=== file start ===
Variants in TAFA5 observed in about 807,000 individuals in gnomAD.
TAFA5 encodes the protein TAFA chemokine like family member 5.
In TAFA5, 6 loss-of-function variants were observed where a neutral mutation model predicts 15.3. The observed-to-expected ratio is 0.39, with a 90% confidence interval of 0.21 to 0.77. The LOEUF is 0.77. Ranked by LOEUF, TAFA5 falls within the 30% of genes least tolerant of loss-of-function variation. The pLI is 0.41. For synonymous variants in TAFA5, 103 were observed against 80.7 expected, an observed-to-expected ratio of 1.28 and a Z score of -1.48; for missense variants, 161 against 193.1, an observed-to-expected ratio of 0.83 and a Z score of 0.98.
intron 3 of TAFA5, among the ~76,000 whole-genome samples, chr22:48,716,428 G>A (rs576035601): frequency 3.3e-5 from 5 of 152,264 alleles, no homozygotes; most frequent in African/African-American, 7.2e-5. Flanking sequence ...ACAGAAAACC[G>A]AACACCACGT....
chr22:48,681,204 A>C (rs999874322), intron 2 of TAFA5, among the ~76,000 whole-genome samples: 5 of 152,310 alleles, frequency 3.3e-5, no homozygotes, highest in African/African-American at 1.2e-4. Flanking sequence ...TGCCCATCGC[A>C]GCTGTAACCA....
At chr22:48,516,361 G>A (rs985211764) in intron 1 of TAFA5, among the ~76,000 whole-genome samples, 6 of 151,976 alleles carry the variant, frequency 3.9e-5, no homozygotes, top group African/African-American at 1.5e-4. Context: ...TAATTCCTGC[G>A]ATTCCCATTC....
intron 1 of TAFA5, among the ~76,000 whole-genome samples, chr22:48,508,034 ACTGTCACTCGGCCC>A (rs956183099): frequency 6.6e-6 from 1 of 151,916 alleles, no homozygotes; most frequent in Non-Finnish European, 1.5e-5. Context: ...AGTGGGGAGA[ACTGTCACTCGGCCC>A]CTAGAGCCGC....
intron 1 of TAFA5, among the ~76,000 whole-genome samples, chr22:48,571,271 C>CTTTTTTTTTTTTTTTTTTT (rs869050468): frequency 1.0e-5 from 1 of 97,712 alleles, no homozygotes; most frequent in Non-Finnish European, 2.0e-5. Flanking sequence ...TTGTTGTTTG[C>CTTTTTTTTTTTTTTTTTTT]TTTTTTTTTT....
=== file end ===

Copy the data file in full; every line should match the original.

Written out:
Variants in TAFA5 observed in about 807,000 individuals in gnomAD.
TAFA5 encodes the protein TAFA chemokine like family member 5.
In TAFA5, 6 loss-of-function variants were observed where a neutral mutation model predicts 15.3. The observed-to-expected ratio is 0.39, with a 90% confidence interval of 0.21 to 0.77. The LOEUF is 0.77. Ranked by LOEUF, TAFA5 falls within the 30% of genes least tolerant of loss-of-function variation. The pLI is 0.41. For synonymous variants in TAFA5, 103 were observed against 80.7 expected, an observed-to-expected ratio of 1.28 and a Z score of -1.48; for missense variants, 161 against 193.1, an observed-to-expected ratio of 0.83 and a Z score of 0.98.
intron 3 of TAFA5, among the ~76,000 whole-genome samples, chr22:48,716,428 G>A (rs576035601): frequency 3.3e-5 from 5 of 152,264 alleles, no homozygotes; most frequent in African/African-American, 7.2e-5. Flanking sequence ...ACAGAAAACC[G>A]AACACCACGT....
chr22:48,681,204 A>C (rs999874322), intron 2 of TAFA5, among the ~76,000 whole-genome samples: 5 of 152,310 alleles, frequency 3.3e-5, no homozygotes, highest in African/African-American at 1.2e-4. Flanking sequence ...TGCCCATCGC[A>C]GCTGTAACCA....
At chr22:48,516,361 G>A (rs985211764) in intron 1 of TAFA5, among the ~76,000 whole-genome samples, 6 of 151,976 alleles carry the variant, frequency 3.9e-5, no homozygotes, top group African/African-American at 1.5e-4. Context: ...TAATTCCTGC[G>A]ATTCCCATTC....
intron 1 of TAFA5, among the ~76,000 whole-genome samples, chr22:48,508,034 ACTGTCACTCGGCCC>A (rs956183099): frequency 6.6e-6 from 1 of 151,916 alleles, no homozygotes; most frequent in Non-Finnish European, 1.5e-5. Context: ...AGTGGGGAGA[ACTGTCACTCGGCCC>A]CTAGAGCCGC....
intron 1 of TAFA5, among the ~76,000 whole-genome samples, chr22:48,571,271 C>CTTTTTTTTTTTTTTTTTTT (rs869050468): frequency 1.0e-5 from 1 of 97,712 alleles, no homozygotes; most frequent in Non-Finnish European, 2.0e-5. Flanking sequence ...TTGTTGTTTG[C>CTTTTTTTTTTTTTTTTTTT]TTTTTTTTTT....